Two kids running in the snow. We all need nature—and nature needs you. Together, we can protect the wildlife and wild lands of Massachusetts for generations to come. Make a tax-deductible donation today.
Two kids running in the snow. We all need nature—and nature needs you. Together, we can protect the wildlife and wild lands of Massachusetts for generations to come. Make a tax-deductible donation today.
Japanese Honeysuckle shrub
Japanese Honeysuckle © Chris Evans, University of Illinois, Bugwood.org

Japanese Honeysuckle

About Japanese Honeysuckle

Japanese honeysuckle (Lonicera japonica) is a perennial woody vine from Asia that grows up to 30 feet in length. Showy, white to cream colored, fragrant, flowers are borne in pairs in leaf axils along the stem. Fruit are dark purple or black. Japanese honeysuckle was introduced in the 19th century as an ornamental plant.

The Problem

It invades fields, field edges, and, to a lesser degree, forests, and out competes or strangles and smothers native vegetation. Birds and other wildlife are attracted to the fruit and spread the seeds. Japanese honeysuckle is most common in southeastern Massachusetts and along the coast.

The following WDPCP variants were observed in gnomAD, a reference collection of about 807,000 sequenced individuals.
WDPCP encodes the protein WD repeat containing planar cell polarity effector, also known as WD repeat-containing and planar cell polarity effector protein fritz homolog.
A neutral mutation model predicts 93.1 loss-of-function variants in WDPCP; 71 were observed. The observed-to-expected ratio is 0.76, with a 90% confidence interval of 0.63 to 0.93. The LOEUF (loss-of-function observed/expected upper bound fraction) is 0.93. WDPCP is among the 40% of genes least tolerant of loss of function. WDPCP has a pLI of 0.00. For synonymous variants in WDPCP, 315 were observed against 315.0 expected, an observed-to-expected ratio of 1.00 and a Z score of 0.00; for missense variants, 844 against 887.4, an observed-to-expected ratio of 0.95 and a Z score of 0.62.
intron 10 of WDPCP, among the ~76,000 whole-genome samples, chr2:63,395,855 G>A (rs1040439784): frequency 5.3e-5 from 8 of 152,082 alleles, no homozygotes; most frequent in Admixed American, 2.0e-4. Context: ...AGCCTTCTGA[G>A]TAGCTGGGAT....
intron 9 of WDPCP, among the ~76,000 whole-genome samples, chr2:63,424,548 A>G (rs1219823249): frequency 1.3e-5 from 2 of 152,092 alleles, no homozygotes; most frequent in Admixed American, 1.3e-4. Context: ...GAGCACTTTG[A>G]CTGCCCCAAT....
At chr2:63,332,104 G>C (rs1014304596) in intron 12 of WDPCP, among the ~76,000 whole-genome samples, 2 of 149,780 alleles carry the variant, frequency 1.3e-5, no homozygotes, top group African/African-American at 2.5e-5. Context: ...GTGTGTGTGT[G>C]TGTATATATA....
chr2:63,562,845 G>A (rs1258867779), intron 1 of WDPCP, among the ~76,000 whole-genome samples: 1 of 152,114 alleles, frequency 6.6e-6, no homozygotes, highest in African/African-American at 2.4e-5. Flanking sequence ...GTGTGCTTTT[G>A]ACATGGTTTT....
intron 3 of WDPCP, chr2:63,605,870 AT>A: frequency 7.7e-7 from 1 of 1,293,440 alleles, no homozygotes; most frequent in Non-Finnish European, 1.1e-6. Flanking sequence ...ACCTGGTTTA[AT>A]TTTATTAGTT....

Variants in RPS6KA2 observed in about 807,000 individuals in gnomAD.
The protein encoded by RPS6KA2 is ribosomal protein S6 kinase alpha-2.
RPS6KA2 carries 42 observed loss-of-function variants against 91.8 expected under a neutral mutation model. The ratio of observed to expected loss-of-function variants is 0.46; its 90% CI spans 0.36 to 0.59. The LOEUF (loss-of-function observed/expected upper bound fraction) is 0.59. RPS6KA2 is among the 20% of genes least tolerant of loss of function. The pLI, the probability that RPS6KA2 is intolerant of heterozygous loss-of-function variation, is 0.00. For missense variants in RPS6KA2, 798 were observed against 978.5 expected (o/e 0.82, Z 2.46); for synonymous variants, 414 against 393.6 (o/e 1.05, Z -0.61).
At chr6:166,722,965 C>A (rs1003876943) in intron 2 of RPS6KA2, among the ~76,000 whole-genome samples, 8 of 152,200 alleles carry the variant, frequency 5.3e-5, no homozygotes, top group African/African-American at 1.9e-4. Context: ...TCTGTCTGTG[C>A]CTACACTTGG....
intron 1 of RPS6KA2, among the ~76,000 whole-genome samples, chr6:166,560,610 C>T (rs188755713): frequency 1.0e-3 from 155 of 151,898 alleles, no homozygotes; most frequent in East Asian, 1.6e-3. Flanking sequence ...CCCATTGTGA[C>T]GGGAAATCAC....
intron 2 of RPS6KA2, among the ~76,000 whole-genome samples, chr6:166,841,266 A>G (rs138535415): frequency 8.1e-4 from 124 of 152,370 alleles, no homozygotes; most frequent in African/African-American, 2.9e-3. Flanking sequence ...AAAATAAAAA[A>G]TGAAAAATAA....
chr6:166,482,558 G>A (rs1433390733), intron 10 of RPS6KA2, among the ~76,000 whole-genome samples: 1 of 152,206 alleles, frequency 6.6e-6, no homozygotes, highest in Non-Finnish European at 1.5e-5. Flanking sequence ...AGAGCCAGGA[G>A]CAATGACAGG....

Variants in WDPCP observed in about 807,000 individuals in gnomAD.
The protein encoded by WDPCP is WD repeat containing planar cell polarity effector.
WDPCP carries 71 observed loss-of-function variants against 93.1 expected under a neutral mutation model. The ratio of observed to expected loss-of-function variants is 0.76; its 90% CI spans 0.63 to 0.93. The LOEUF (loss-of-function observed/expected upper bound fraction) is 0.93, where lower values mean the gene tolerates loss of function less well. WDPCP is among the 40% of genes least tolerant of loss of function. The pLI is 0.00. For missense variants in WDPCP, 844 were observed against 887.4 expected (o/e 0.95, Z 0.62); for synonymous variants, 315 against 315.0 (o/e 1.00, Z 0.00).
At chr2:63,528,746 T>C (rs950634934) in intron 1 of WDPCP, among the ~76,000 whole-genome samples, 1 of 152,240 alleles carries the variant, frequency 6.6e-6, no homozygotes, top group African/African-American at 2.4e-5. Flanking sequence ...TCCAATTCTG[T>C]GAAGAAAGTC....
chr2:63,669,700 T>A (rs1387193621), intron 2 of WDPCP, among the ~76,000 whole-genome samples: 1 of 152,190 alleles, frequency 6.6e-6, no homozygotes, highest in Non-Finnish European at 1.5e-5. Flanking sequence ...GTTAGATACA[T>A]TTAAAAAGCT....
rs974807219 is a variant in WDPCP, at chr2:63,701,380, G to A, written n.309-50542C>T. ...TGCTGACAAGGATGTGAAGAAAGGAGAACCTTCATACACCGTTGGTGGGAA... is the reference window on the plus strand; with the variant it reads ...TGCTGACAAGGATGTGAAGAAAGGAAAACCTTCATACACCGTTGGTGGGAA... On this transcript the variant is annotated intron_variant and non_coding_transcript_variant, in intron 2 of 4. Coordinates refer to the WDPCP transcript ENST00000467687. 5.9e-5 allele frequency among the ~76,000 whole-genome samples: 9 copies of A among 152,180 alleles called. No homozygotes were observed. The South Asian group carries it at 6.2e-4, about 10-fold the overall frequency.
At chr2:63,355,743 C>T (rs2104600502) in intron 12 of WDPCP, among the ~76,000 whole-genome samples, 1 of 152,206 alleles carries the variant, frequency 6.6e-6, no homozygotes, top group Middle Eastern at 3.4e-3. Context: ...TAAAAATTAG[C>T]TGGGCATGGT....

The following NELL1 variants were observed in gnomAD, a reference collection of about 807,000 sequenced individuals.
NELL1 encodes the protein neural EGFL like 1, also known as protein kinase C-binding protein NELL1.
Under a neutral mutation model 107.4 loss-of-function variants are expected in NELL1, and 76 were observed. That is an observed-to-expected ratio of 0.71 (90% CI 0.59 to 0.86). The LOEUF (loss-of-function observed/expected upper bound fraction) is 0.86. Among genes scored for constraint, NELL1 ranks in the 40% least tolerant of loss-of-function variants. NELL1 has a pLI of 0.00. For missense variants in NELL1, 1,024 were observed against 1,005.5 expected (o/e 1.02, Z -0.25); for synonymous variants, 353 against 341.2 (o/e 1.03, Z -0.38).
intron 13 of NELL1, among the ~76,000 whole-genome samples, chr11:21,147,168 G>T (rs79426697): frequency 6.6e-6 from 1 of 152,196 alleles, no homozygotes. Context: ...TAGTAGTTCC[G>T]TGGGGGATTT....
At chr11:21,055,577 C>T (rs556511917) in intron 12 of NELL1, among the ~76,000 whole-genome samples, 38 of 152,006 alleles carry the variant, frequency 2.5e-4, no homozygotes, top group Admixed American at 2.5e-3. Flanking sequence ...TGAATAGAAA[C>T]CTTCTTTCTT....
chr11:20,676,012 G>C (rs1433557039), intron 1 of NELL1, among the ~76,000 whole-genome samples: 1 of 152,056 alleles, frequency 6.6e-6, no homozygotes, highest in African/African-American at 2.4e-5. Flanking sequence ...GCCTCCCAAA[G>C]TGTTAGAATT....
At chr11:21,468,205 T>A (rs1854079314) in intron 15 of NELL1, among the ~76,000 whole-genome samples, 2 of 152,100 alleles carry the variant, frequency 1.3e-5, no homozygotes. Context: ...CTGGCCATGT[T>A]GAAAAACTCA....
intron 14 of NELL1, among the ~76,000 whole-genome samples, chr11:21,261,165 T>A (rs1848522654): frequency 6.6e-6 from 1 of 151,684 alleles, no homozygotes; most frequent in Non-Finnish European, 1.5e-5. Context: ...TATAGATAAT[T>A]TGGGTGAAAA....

The Solution

Hand pulling can be effective for small populations. Mowing can be effective if repeated frequently. Control can be achieved with a foliar spray of a systemic herbicide, although repeated treatments may be needed. Always read and follow the directions on the label when using herbicide.

Pictures of Japanese Honeysuckle

Japanese honeysuckle fruit © Ted Bodner
Japanese Honeysuckle Fruit © Ted Bodner
Japanese honeysuckle flowers © Chuck Bargeron
Japanese Honeysuckle flowers © Chuck Bargeron
Japanese Honeysuckle with lobed leaves
Typical Japanese Honeysuckle leaves and stems